Worked in heating and ventilation industry for a while and I have never seen this happen with PPV. Can you elaborate I am genuinely interested. I can not see how it would push moisture into the walls and cause damage. 


I guess the argument might go along the lines that the vapour or moisture drive in any situation is from hot to cold, which in the winter is from the interior of the house towards the exterior which can lead to condensation in the walls if the dew point is reached. Positive pressure ventilation might increase that effect.

The reality is probably that iin the NZ milder climate areas (most of population) this is unlikely to be an issue. I would argue that PPV is unnecessary, though, as long as basic good house management is in place. Often, it's not the house but the practices of the occupiers that are most important.


Interesting I got into PPV around 4 years ago and sold it along side installed heating (wood gas and pellet fires heat pumps etc) when I got told some horror stories about various companies sales techniques kinda wanted to bring some facts to the table and offer a cheaper solution. PPV seems to be rather popular amongst landlords who do not want their tenants to ruin their houses with excess mold. 

I would agree I have come across many cases where people have no bathroom extraction, unflued gas heating and they dry cloths inside.

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  #795880 9-Apr-2013 22:20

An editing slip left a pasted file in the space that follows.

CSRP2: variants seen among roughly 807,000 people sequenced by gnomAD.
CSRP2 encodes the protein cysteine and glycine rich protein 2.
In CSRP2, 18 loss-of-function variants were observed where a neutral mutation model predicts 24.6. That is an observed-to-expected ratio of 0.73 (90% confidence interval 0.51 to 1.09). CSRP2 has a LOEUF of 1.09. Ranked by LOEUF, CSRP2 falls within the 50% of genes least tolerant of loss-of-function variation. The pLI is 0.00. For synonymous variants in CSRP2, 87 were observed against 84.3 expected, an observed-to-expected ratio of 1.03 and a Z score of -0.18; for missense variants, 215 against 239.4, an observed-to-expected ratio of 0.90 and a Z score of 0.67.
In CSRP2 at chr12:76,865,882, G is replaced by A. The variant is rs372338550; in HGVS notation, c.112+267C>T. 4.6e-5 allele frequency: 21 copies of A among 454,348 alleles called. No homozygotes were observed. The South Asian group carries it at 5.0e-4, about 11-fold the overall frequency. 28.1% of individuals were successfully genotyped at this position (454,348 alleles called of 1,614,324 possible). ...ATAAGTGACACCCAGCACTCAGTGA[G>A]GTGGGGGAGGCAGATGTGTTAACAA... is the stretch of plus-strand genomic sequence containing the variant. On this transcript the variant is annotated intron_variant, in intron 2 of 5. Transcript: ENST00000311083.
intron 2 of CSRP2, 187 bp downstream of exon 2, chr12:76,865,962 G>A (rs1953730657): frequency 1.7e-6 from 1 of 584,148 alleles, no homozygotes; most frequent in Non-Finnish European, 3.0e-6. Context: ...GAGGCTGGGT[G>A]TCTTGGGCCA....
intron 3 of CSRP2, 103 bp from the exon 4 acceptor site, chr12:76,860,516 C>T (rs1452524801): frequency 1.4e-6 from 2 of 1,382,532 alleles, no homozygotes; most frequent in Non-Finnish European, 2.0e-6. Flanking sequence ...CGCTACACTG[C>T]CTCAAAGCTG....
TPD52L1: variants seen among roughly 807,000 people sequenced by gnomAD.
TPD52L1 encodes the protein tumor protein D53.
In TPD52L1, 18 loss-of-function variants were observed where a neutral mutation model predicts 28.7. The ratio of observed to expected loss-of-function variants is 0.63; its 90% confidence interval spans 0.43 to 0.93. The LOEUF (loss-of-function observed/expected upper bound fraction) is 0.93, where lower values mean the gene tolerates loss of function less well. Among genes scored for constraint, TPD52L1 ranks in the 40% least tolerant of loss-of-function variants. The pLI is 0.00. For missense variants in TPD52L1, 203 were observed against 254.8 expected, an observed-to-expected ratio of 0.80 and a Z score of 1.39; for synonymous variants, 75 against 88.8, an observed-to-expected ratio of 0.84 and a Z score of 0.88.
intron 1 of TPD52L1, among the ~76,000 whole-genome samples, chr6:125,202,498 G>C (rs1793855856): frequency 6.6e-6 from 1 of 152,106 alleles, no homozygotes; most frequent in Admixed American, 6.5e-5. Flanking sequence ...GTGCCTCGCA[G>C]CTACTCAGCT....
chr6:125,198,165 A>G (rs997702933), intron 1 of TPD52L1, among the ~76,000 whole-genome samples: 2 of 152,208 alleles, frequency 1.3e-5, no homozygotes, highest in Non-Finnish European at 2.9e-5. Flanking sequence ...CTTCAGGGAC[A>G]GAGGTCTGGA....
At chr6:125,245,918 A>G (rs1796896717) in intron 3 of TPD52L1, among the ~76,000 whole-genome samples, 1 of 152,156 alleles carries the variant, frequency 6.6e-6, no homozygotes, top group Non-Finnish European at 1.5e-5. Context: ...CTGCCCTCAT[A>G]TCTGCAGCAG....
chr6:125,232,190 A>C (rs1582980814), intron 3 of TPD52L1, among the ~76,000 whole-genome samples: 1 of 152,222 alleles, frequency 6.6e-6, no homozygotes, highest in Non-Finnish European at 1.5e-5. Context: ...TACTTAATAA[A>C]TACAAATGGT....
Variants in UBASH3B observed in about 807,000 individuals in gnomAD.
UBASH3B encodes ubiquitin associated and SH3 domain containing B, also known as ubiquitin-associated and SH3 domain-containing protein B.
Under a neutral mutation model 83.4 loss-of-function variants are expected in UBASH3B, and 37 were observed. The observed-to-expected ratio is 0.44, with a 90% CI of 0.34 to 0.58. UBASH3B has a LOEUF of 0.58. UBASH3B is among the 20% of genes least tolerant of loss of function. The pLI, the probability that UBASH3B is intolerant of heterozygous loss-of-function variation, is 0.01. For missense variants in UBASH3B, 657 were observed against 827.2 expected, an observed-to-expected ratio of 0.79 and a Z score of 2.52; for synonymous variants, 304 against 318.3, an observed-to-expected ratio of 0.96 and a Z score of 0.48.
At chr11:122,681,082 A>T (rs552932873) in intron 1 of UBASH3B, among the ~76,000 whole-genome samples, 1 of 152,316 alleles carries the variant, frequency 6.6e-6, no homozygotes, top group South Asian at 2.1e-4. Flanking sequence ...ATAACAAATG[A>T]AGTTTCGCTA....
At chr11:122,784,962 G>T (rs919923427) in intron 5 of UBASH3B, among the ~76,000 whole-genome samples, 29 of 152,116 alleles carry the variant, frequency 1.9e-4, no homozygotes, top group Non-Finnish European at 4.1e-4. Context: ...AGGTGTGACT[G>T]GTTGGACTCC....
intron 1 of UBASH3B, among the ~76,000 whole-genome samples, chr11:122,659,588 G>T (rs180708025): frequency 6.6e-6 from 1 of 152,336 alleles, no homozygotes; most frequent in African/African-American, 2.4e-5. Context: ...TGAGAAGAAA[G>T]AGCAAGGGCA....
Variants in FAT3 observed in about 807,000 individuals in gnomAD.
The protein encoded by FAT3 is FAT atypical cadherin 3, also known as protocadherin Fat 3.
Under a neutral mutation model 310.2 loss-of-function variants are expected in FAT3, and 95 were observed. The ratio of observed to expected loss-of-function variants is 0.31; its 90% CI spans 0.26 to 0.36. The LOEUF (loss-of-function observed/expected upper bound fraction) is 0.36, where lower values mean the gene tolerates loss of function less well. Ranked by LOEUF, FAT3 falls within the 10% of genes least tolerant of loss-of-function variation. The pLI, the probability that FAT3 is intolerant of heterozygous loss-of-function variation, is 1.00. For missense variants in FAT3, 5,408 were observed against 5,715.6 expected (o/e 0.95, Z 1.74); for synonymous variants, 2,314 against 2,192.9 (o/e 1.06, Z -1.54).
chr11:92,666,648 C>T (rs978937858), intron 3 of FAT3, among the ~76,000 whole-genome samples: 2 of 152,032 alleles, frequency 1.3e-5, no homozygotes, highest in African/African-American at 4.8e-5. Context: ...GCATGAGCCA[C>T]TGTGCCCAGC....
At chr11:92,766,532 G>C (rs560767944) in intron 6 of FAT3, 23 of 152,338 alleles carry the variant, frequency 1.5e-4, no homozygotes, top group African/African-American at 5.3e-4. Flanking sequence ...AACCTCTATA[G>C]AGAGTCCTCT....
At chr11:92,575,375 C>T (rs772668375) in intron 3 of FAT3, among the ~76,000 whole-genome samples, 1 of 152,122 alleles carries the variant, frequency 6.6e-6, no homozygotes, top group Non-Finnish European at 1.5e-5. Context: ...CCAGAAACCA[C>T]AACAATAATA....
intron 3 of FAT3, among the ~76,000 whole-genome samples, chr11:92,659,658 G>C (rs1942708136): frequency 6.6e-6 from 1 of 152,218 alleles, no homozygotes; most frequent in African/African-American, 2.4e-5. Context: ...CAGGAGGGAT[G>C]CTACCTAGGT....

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The main problems with cheap dehumidifiers are the effectiveness of the defrosting feature if they even have one (i.e. how well do they work below 15 degrees), and noise levels. I had a cheap Goldair unit which I replaced with a Mitsubishi about a year ago, and honestly the Mitsubishi sounds like having a small electric fan in the corner of the room whereas the Goldair was like a truck idling right outside the room.

Here's how I use mine:
 - Run it in the kitchen/bathroom area whenever I'm cooking or having a shower. I shut the door to isolate this part of the house until the humidity has dropped to around 60%.
 - Run it in the bedroom for a couple of hours each night before going to bed. This brings the humidity down to around 60%, although it creeps up towards 70% overnight. 
 - Run it as needed to dry laundry in the conservatory.

The appliance has power consumption rated at 250w but if left on for long periods of time it will shut itself off (depending on operating mode) when it's not needed, hence the real power consumption is effectively much less than this.

I don't know how 'bad' my place is, but the economic reality is that my power consumption peaks around 400kwh per month in the middle of winter, so if I were to move to a more modern place I'd be saving no more than a couple of hundred dollars a year in power but I'd be spending thousands more in rent. Having said that, I'm fortunate enough that I live alone and work long hours so the numbers would stack up differently for busier households.

3885 posts

Uber Geek


  #795904 9-Apr-2013 23:26